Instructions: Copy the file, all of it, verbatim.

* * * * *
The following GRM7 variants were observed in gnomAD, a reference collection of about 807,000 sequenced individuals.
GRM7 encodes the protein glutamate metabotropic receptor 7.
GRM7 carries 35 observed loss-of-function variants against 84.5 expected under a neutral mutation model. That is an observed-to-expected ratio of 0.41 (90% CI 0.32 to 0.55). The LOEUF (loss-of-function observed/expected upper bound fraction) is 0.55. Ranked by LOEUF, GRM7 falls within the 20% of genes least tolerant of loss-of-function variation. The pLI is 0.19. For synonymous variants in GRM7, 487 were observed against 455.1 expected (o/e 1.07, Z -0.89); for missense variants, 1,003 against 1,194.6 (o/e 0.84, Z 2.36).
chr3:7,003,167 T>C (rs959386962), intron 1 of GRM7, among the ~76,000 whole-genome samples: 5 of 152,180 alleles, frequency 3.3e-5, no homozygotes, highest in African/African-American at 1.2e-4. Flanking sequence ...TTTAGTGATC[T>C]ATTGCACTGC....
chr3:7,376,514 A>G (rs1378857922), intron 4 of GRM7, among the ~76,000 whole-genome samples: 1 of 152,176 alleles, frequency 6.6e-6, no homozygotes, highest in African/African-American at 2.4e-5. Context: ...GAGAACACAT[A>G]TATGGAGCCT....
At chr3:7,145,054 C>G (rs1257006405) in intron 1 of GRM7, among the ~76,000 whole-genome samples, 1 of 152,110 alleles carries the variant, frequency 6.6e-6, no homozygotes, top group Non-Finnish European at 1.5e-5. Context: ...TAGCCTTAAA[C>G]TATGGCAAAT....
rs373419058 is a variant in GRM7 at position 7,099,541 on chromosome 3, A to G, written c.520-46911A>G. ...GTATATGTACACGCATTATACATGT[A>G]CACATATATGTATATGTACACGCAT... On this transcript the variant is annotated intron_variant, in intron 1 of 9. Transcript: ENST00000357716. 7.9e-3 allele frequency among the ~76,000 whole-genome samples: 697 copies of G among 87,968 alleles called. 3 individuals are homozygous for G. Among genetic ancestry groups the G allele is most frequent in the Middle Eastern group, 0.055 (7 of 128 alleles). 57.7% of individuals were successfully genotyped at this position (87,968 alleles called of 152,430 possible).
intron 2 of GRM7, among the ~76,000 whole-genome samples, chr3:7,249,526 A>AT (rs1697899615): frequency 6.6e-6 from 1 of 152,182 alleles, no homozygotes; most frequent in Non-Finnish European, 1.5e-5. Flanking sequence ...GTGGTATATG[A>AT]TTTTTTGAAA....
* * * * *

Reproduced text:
The following GRM7 variants were observed in gnomAD, a reference collection of about 807,000 sequenced individuals.
GRM7 encodes the protein glutamate metabotropic receptor 7.
GRM7 carries 35 observed loss-of-function variants against 84.5 expected under a neutral mutation model. That is an observed-to-expected ratio of 0.41 (90% CI 0.32 to 0.55). The LOEUF (loss-of-function observed/expected upper bound fraction) is 0.55. Ranked by LOEUF, GRM7 falls within the 20% of genes least tolerant of loss-of-function variation. The pLI is 0.19. For synonymous variants in GRM7, 487 were observed against 455.1 expected (o/e 1.07, Z -0.89); for missense variants, 1,003 against 1,194.6 (o/e 0.84, Z 2.36).
chr3:7,003,167 T>C (rs959386962), intron 1 of GRM7, among the ~76,000 whole-genome samples: 5 of 152,180 alleles, frequency 3.3e-5, no homozygotes, highest in African/African-American at 1.2e-4. Flanking sequence ...TTTAGTGATC[T>C]ATTGCACTGC....
chr3:7,376,514 A>G (rs1378857922), intron 4 of GRM7, among the ~76,000 whole-genome samples: 1 of 152,176 alleles, frequency 6.6e-6, no homozygotes, highest in African/African-American at 2.4e-5. Context: ...GAGAACACAT[A>G]TATGGAGCCT....
At chr3:7,145,054 C>G (rs1257006405) in intron 1 of GRM7, among the ~76,000 whole-genome samples, 1 of 152,110 alleles carries the variant, frequency 6.6e-6, no homozygotes, top group Non-Finnish European at 1.5e-5. Context: ...TAGCCTTAAA[C>G]TATGGCAAAT....
rs373419058 is a variant in GRM7 at position 7,099,541 on chromosome 3, A to G, written c.520-46911A>G. ...GTATATGTACACGCATTATACATGT[A>G]CACATATATGTATATGTACACGCAT... On this transcript the variant is annotated intron_variant, in intron 1 of 9. Transcript: ENST00000357716. 7.9e-3 allele frequency among the ~76,000 whole-genome samples: 697 copies of G among 87,968 alleles called. 3 individuals are homozygous for G. Among genetic ancestry groups the G allele is most frequent in the Middle Eastern group, 0.055 (7 of 128 alleles). 57.7% of individuals were successfully genotyped at this position (87,968 alleles called of 152,430 possible).
intron 2 of GRM7, among the ~76,000 whole-genome samples, chr3:7,249,526 A>AT (rs1697899615): frequency 6.6e-6 from 1 of 152,182 alleles, no homozygotes; most frequent in Non-Finnish European, 1.5e-5. Flanking sequence ...GTGGTATATG[A>AT]TTTTTTGAAA....